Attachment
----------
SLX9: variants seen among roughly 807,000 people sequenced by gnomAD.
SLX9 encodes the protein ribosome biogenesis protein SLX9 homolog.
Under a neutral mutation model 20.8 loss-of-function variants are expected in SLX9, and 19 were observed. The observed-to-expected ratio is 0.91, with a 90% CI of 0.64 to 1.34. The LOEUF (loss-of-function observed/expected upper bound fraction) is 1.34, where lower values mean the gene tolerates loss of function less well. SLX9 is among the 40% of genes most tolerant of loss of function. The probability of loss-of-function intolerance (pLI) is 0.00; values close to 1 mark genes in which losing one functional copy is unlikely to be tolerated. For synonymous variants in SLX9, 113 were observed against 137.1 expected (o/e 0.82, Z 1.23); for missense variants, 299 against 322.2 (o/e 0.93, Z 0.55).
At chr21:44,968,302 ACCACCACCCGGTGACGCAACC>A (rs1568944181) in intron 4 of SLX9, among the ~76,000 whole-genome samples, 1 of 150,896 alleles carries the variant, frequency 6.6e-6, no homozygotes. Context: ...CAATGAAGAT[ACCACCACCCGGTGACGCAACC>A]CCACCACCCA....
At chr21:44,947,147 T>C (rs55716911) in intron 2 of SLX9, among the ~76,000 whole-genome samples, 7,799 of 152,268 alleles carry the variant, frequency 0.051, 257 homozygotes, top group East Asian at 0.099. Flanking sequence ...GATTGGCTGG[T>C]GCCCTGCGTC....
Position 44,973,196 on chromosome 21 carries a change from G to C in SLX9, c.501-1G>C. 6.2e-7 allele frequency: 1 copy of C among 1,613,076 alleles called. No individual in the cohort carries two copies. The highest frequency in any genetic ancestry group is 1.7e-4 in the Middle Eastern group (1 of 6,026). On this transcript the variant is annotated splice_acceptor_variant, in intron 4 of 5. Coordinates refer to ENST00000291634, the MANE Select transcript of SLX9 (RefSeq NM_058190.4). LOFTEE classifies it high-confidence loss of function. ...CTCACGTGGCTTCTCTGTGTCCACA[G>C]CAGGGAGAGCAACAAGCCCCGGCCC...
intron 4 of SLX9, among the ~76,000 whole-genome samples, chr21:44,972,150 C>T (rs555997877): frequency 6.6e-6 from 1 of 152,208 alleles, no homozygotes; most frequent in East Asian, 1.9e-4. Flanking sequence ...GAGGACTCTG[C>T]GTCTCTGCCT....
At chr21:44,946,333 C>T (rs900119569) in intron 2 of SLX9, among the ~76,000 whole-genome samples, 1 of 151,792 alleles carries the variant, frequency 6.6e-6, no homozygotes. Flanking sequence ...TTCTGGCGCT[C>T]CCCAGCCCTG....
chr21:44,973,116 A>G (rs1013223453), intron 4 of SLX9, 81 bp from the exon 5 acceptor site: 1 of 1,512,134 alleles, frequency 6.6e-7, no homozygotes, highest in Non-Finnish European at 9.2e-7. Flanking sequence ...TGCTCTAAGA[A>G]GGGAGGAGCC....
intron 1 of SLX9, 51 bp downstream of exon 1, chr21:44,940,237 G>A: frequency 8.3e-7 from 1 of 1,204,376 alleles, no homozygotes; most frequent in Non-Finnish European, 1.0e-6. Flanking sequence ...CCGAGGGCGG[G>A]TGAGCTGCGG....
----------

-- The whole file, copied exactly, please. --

SLX9: variants seen among roughly 807,000 people sequenced by gnomAD.
SLX9 encodes the protein ribosome biogenesis protein SLX9 homolog.
Under a neutral mutation model 20.8 loss-of-function variants are expected in SLX9, and 19 were observed. The observed-to-expected ratio is 0.91, with a 90% CI of 0.64 to 1.34. The LOEUF (loss-of-function observed/expected upper bound fraction) is 1.34, where lower values mean the gene tolerates loss of function less well. SLX9 is among the 40% of genes most tolerant of loss of function. The probability of loss-of-function intolerance (pLI) is 0.00; values close to 1 mark genes in which losing one functional copy is unlikely to be tolerated. For synonymous variants in SLX9, 113 were observed against 137.1 expected (o/e 0.82, Z 1.23); for missense variants, 299 against 322.2 (o/e 0.93, Z 0.55).
At chr21:44,968,302 ACCACCACCCGGTGACGCAACC>A (rs1568944181) in intron 4 of SLX9, among the ~76,000 whole-genome samples, 1 of 150,896 alleles carries the variant, frequency 6.6e-6, no homozygotes. Context: ...CAATGAAGAT[ACCACCACCCGGTGACGCAACC>A]CCACCACCCA....
At chr21:44,947,147 T>C (rs55716911) in intron 2 of SLX9, among the ~76,000 whole-genome samples, 7,799 of 152,268 alleles carry the variant, frequency 0.051, 257 homozygotes, top group East Asian at 0.099. Flanking sequence ...GATTGGCTGG[T>C]GCCCTGCGTC....
Position 44,973,196 on chromosome 21 carries a change from G to C in SLX9, c.501-1G>C. 6.2e-7 allele frequency: 1 copy of C among 1,613,076 alleles called. No individual in the cohort carries two copies. The highest frequency in any genetic ancestry group is 1.7e-4 in the Middle Eastern group (1 of 6,026). On this transcript the variant is annotated splice_acceptor_variant, in intron 4 of 5. Coordinates refer to ENST00000291634, the MANE Select transcript of SLX9 (RefSeq NM_058190.4). LOFTEE classifies it high-confidence loss of function. ...CTCACGTGGCTTCTCTGTGTCCACA[G>C]CAGGGAGAGCAACAAGCCCCGGCCC...
intron 4 of SLX9, among the ~76,000 whole-genome samples, chr21:44,972,150 C>T (rs555997877): frequency 6.6e-6 from 1 of 152,208 alleles, no homozygotes; most frequent in East Asian, 1.9e-4. Flanking sequence ...GAGGACTCTG[C>T]GTCTCTGCCT....
At chr21:44,946,333 C>T (rs900119569) in intron 2 of SLX9, among the ~76,000 whole-genome samples, 1 of 151,792 alleles carries the variant, frequency 6.6e-6, no homozygotes. Flanking sequence ...TTCTGGCGCT[C>T]CCCAGCCCTG....
chr21:44,973,116 A>G (rs1013223453), intron 4 of SLX9, 81 bp from the exon 5 acceptor site: 1 of 1,512,134 alleles, frequency 6.6e-7, no homozygotes, highest in Non-Finnish European at 9.2e-7. Flanking sequence ...TGCTCTAAGA[A>G]GGGAGGAGCC....
intron 1 of SLX9, 51 bp downstream of exon 1, chr21:44,940,237 G>A: frequency 8.3e-7 from 1 of 1,204,376 alleles, no homozygotes; most frequent in Non-Finnish European, 1.0e-6. Flanking sequence ...CCGAGGGCGG[G>A]TGAGCTGCGG....